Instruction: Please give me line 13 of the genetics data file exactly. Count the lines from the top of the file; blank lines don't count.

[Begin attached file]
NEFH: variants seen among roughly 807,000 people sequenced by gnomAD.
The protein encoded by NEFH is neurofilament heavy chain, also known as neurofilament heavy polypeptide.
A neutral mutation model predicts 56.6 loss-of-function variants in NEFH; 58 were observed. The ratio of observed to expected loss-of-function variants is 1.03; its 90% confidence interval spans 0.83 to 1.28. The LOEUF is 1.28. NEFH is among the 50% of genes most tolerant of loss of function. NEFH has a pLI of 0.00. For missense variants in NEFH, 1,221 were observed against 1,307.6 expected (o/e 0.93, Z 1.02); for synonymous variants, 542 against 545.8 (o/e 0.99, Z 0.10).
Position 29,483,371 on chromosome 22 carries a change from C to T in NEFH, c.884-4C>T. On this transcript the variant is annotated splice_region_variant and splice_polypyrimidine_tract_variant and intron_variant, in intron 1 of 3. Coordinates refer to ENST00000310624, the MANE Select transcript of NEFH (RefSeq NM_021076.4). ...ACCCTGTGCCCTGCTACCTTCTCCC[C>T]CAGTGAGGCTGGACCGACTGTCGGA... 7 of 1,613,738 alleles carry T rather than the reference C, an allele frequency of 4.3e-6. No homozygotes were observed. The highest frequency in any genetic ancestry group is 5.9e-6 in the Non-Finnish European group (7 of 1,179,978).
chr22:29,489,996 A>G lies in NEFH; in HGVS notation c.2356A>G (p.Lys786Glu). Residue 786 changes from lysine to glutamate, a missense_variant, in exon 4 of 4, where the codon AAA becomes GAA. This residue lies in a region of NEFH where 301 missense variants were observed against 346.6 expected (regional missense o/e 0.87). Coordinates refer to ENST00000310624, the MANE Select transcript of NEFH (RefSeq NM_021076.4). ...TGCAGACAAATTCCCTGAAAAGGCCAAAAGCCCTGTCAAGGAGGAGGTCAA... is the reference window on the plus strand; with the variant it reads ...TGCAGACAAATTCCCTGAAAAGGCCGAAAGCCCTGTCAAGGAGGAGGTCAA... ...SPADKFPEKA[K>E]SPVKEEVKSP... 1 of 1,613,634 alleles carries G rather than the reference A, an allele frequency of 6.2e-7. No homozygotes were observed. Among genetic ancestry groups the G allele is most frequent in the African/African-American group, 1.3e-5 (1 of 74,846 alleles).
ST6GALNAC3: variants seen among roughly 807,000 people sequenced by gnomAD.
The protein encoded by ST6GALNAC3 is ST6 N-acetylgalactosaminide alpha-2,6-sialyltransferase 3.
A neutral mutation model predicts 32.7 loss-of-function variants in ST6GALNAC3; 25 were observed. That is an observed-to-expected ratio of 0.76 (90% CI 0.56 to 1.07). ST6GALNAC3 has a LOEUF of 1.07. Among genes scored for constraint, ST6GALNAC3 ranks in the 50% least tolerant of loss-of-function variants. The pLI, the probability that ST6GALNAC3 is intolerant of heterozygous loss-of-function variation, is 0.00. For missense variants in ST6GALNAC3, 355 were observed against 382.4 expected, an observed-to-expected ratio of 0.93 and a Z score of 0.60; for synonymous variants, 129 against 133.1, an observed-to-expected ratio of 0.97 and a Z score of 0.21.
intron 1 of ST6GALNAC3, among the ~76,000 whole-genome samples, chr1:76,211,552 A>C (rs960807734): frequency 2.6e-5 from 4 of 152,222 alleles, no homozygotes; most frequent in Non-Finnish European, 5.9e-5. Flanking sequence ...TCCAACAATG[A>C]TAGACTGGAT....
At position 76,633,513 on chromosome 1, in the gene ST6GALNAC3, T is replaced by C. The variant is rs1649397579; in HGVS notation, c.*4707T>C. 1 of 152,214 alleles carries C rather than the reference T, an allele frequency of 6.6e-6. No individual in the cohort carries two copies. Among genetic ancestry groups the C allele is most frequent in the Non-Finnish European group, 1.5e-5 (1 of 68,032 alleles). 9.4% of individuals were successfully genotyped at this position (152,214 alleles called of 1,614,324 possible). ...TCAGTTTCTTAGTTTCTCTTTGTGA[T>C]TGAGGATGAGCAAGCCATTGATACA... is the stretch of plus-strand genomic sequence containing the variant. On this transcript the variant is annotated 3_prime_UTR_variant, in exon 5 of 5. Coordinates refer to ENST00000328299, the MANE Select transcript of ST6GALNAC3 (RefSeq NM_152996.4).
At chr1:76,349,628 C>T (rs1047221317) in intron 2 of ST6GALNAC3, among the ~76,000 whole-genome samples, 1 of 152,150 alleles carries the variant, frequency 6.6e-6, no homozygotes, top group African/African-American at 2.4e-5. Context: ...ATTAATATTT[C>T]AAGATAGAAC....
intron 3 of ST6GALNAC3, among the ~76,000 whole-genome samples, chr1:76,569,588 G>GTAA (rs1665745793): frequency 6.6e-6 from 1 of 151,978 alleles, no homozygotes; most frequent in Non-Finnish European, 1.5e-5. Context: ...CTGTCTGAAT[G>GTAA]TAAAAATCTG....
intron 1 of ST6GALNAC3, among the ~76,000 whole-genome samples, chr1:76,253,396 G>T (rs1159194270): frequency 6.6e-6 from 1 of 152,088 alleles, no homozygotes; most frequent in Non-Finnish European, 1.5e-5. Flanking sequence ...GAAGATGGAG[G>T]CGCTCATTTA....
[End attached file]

intron 1 of ST6GALNAC3, among the ~76,000 whole-genome samples, chr1:76,253,396 G>T (rs1159194270): frequency 6.6e-6 from 1 of 152,088 alleles, no homozygotes; most frequent in Non-Finnish European, 1.5e-5. Flanking sequence ...GAAGATGGAG[G>T]CGCTCATTTA....